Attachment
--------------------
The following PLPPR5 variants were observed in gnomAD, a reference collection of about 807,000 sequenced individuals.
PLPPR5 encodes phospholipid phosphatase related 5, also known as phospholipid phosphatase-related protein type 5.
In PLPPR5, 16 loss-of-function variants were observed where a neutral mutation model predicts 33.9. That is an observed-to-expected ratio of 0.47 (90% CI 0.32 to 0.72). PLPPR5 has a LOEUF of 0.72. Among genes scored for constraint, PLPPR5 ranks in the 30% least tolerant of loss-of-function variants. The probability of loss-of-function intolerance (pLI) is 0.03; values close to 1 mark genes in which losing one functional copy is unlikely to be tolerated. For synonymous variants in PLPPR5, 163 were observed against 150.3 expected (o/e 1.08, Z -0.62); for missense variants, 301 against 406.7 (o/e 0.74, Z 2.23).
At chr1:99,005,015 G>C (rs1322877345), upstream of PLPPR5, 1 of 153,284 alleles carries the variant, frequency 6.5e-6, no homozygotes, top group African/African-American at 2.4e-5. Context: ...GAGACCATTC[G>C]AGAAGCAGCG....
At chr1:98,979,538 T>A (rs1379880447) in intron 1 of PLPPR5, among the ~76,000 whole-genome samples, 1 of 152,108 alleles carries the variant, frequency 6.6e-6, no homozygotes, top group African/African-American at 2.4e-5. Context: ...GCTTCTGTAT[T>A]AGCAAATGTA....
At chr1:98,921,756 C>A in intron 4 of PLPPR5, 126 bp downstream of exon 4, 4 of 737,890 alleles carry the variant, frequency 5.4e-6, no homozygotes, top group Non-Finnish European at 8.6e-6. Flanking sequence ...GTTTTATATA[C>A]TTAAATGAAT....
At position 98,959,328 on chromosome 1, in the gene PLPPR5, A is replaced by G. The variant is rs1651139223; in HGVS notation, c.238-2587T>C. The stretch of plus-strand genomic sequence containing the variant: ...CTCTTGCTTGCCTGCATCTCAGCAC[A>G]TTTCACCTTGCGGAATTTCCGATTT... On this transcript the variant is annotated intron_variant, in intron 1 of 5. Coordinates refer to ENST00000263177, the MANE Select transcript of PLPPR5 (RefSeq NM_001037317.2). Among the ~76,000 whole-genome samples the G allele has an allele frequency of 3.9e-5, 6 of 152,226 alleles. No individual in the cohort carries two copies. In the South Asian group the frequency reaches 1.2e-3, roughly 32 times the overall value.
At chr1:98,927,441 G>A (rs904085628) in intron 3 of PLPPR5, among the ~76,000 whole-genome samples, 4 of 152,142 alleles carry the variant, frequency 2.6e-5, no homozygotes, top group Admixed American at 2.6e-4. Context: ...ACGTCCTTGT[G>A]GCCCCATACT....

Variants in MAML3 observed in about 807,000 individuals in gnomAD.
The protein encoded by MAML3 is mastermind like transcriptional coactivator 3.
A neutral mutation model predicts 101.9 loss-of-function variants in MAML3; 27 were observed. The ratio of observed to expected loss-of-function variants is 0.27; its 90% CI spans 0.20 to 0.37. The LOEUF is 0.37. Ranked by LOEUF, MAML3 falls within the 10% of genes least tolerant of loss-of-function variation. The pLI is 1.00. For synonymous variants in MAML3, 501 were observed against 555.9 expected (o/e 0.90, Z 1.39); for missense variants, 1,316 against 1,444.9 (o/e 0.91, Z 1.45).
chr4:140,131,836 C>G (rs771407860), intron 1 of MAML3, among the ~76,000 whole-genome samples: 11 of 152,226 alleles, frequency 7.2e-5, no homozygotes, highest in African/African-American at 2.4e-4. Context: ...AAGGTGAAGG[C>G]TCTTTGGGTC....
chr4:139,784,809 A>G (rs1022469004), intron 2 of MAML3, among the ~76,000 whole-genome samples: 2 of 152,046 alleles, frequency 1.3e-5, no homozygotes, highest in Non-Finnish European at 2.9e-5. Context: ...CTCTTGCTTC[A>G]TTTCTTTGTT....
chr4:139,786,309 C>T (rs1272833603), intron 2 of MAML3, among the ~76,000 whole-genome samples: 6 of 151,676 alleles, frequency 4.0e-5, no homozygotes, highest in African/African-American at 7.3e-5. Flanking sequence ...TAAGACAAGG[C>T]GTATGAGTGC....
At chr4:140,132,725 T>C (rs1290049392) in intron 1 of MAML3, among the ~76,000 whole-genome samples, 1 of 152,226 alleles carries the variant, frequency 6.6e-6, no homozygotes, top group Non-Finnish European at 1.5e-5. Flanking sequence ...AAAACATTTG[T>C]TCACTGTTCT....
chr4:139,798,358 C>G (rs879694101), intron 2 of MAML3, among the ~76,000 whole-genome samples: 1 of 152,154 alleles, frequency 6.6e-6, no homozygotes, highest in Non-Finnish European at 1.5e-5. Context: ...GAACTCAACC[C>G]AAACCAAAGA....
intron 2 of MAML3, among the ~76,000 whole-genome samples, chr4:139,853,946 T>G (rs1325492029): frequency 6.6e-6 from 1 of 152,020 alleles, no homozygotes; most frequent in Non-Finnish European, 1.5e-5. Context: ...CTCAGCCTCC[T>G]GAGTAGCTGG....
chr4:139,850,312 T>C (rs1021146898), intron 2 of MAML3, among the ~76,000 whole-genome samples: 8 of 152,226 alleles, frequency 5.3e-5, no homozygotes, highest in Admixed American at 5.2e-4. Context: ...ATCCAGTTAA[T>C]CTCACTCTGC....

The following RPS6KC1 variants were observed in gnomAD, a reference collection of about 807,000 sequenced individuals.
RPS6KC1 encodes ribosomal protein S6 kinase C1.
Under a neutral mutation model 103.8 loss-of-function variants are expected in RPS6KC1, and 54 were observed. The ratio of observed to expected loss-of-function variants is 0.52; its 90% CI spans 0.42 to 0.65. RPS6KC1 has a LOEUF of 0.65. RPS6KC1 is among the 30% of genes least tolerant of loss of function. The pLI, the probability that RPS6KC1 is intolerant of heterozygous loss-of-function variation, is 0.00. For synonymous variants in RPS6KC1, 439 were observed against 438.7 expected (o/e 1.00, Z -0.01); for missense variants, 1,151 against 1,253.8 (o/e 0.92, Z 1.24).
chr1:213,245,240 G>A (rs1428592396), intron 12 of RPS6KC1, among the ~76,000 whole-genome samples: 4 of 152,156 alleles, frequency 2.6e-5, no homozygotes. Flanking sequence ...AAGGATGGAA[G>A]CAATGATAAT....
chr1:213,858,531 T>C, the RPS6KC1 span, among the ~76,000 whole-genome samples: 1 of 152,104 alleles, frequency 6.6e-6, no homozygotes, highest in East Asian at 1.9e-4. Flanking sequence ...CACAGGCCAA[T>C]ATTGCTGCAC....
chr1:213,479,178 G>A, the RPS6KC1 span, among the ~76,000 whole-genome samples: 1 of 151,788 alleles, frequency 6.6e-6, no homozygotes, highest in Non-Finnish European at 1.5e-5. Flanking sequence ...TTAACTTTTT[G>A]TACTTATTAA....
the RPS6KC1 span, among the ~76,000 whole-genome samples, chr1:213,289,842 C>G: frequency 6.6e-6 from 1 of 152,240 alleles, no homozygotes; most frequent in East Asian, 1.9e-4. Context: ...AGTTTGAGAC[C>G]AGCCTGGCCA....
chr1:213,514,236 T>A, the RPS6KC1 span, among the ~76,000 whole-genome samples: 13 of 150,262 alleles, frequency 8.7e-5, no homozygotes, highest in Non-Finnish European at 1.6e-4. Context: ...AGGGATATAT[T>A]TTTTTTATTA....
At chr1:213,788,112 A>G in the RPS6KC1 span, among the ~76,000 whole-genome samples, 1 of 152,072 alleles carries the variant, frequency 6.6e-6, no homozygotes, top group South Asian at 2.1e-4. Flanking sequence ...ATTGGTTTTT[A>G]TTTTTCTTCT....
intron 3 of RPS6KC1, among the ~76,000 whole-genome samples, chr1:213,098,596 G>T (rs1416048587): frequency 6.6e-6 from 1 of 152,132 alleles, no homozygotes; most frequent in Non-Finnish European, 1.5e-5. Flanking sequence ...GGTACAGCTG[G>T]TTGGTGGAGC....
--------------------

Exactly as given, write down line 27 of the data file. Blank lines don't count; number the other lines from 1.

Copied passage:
At chr1:213,788,112 A>G in the RPS6KC1 span, among the ~76,000 whole-genome samples, 1 of 152,072 alleles carries the variant, frequency 6.6e-6, no homozygotes, top group South Asian at 2.1e-4. Flanking sequence ...ATTGGTTTTT[A>G]TTTTTCTTCT....